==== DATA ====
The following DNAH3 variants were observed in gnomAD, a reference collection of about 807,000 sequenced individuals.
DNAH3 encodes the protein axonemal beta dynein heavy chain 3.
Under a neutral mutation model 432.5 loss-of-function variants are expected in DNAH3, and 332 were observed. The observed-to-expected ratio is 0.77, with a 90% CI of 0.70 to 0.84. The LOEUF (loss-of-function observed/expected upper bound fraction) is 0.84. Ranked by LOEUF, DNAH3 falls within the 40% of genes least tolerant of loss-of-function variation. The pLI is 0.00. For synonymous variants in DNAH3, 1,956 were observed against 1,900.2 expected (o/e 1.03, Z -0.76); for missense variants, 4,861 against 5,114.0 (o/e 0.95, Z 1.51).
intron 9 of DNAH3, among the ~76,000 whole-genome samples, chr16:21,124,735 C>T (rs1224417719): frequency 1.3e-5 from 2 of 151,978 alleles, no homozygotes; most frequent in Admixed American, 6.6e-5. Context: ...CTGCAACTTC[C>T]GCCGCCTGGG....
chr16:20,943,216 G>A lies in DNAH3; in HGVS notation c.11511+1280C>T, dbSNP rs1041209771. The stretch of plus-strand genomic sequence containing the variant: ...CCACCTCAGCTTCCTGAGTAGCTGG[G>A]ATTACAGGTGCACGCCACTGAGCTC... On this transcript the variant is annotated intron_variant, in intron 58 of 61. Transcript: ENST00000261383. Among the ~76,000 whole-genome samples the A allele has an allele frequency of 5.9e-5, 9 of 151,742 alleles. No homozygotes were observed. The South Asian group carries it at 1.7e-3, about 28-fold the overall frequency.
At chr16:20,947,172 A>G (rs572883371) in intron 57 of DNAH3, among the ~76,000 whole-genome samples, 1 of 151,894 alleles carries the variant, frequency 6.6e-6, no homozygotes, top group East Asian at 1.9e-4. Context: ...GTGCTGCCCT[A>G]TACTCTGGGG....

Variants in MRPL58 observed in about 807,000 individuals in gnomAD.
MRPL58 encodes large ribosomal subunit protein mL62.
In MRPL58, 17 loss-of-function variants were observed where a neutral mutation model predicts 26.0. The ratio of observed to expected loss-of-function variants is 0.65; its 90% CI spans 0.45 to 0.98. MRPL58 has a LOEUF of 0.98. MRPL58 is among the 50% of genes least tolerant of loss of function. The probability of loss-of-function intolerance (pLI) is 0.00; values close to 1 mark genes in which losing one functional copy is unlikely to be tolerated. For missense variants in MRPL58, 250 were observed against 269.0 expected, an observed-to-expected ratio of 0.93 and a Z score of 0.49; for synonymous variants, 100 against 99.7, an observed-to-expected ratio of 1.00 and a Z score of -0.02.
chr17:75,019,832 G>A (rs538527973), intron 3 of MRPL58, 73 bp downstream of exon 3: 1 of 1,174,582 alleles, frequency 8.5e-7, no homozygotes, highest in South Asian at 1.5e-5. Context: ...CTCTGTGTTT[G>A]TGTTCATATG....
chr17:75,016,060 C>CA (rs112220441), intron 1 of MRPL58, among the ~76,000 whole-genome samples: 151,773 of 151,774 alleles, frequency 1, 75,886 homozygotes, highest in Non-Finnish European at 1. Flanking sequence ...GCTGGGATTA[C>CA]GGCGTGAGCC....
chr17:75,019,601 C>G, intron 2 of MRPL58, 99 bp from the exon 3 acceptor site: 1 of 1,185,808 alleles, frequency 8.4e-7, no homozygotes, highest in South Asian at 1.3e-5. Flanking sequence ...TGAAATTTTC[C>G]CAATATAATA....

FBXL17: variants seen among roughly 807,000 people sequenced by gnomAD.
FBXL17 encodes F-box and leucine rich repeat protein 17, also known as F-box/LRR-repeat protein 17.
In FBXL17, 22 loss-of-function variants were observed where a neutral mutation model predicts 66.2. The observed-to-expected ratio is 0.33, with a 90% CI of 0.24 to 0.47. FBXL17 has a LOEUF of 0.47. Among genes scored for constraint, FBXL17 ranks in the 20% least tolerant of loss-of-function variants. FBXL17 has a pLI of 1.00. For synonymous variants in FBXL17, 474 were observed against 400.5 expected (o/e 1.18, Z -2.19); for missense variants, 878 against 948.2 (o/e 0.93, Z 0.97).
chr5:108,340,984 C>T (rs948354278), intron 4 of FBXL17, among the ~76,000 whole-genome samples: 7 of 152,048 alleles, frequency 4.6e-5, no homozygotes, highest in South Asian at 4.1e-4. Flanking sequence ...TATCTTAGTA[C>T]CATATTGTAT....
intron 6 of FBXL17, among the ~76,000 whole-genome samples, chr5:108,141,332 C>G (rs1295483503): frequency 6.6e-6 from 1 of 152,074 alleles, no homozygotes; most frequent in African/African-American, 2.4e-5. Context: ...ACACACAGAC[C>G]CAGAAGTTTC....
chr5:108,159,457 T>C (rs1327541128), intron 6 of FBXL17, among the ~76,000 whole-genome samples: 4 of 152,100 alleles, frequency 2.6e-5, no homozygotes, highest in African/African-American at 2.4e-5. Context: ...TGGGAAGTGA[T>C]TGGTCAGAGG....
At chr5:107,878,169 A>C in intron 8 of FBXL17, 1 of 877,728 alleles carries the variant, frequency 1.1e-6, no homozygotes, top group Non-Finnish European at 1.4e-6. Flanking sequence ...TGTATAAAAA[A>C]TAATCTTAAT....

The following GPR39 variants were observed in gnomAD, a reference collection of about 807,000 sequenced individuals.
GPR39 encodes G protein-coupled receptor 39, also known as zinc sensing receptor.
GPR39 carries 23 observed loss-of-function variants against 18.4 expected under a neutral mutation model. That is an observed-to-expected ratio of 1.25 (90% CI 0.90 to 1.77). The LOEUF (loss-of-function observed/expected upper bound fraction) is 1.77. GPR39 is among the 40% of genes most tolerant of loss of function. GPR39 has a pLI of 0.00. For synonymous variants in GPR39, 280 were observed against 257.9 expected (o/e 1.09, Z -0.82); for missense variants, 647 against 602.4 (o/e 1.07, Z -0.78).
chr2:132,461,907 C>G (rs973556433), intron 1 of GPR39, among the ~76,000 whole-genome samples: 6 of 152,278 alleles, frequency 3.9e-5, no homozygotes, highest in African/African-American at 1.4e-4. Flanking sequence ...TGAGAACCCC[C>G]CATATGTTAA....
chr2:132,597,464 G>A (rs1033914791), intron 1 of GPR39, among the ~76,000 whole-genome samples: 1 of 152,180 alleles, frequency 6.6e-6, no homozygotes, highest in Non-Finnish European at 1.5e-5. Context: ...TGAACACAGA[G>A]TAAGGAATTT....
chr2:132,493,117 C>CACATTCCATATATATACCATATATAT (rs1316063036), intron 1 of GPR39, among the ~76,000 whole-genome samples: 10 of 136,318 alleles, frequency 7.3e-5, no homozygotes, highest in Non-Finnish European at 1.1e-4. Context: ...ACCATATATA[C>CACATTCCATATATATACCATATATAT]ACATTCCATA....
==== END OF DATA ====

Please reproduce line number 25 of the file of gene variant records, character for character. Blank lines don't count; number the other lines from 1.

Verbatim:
chr2:132,493,117 C>CACATTCCATATATATACCATATATAT (rs1316063036), intron 1 of GPR39, among the ~76,000 whole-genome samples: 10 of 136,318 alleles, frequency 7.3e-5, no homozygotes, highest in Non-Finnish European at 1.1e-4. Context: ...ACCATATATA[C>CACATTCCATATATATACCATATATAT]ACATTCCATA....